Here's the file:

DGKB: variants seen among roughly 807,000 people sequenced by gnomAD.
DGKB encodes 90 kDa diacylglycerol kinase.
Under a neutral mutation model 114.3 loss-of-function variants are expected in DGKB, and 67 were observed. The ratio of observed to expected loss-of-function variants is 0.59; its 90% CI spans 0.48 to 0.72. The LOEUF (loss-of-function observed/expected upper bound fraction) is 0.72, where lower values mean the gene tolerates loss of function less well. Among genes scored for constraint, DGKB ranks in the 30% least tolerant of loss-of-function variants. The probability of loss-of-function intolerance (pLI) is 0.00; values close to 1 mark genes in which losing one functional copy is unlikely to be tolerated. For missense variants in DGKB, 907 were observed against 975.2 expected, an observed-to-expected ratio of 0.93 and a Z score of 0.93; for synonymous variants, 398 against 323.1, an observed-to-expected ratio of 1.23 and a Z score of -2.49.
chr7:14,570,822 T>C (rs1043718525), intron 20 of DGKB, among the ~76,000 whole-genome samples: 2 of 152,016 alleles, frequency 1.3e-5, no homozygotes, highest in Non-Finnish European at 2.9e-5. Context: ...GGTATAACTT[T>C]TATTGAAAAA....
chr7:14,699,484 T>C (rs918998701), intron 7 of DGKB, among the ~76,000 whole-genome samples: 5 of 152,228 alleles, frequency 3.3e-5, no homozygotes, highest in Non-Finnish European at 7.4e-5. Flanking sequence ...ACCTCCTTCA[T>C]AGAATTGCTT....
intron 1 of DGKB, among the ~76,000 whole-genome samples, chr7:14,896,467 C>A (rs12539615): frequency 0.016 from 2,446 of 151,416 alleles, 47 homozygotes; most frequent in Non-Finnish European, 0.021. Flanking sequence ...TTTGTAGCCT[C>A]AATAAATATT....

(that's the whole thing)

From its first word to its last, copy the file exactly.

DGKB: variants seen among roughly 807,000 people sequenced by gnomAD.
DGKB encodes 90 kDa diacylglycerol kinase.
Under a neutral mutation model 114.3 loss-of-function variants are expected in DGKB, and 67 were observed. The ratio of observed to expected loss-of-function variants is 0.59; its 90% CI spans 0.48 to 0.72. The LOEUF (loss-of-function observed/expected upper bound fraction) is 0.72, where lower values mean the gene tolerates loss of function less well. Among genes scored for constraint, DGKB ranks in the 30% least tolerant of loss-of-function variants. The probability of loss-of-function intolerance (pLI) is 0.00; values close to 1 mark genes in which losing one functional copy is unlikely to be tolerated. For missense variants in DGKB, 907 were observed against 975.2 expected, an observed-to-expected ratio of 0.93 and a Z score of 0.93; for synonymous variants, 398 against 323.1, an observed-to-expected ratio of 1.23 and a Z score of -2.49.
chr7:14,570,822 T>C (rs1043718525), intron 20 of DGKB, among the ~76,000 whole-genome samples: 2 of 152,016 alleles, frequency 1.3e-5, no homozygotes, highest in Non-Finnish European at 2.9e-5. Context: ...GGTATAACTT[T>C]TATTGAAAAA....
chr7:14,699,484 T>C (rs918998701), intron 7 of DGKB, among the ~76,000 whole-genome samples: 5 of 152,228 alleles, frequency 3.3e-5, no homozygotes, highest in Non-Finnish European at 7.4e-5. Flanking sequence ...ACCTCCTTCA[T>C]AGAATTGCTT....
intron 1 of DGKB, among the ~76,000 whole-genome samples, chr7:14,896,467 C>A (rs12539615): frequency 0.016 from 2,446 of 151,416 alleles, 47 homozygotes; most frequent in Non-Finnish European, 0.021. Flanking sequence ...TTTGTAGCCT[C>A]AATAAATATT....